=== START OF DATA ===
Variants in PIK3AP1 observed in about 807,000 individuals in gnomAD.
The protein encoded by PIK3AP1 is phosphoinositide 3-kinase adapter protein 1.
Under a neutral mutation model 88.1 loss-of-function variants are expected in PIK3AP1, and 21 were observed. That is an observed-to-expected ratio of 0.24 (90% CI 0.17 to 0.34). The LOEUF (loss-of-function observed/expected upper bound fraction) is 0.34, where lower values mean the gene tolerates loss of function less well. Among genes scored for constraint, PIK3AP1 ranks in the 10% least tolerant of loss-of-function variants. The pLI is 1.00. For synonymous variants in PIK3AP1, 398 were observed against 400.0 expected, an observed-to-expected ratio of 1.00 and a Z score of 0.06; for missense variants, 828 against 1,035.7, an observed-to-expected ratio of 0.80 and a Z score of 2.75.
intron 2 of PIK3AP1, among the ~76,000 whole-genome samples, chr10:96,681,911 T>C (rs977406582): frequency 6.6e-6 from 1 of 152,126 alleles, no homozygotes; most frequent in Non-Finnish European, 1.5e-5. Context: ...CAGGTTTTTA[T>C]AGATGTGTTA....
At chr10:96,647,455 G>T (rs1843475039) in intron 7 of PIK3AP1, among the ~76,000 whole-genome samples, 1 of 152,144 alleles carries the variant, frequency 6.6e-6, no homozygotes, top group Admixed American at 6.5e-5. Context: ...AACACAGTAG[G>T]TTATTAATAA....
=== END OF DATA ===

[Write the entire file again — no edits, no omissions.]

Variants in PIK3AP1 observed in about 807,000 individuals in gnomAD.
The protein encoded by PIK3AP1 is phosphoinositide 3-kinase adapter protein 1.
Under a neutral mutation model 88.1 loss-of-function variants are expected in PIK3AP1, and 21 were observed. That is an observed-to-expected ratio of 0.24 (90% CI 0.17 to 0.34). The LOEUF (loss-of-function observed/expected upper bound fraction) is 0.34, where lower values mean the gene tolerates loss of function less well. Among genes scored for constraint, PIK3AP1 ranks in the 10% least tolerant of loss-of-function variants. The pLI is 1.00. For synonymous variants in PIK3AP1, 398 were observed against 400.0 expected, an observed-to-expected ratio of 1.00 and a Z score of 0.06; for missense variants, 828 against 1,035.7, an observed-to-expected ratio of 0.80 and a Z score of 2.75.
intron 2 of PIK3AP1, among the ~76,000 whole-genome samples, chr10:96,681,911 T>C (rs977406582): frequency 6.6e-6 from 1 of 152,126 alleles, no homozygotes; most frequent in Non-Finnish European, 1.5e-5. Context: ...CAGGTTTTTA[T>C]AGATGTGTTA....
At chr10:96,647,455 G>T (rs1843475039) in intron 7 of PIK3AP1, among the ~76,000 whole-genome samples, 1 of 152,144 alleles carries the variant, frequency 6.6e-6, no homozygotes, top group Admixed American at 6.5e-5. Context: ...AACACAGTAG[G>T]TTATTAATAA....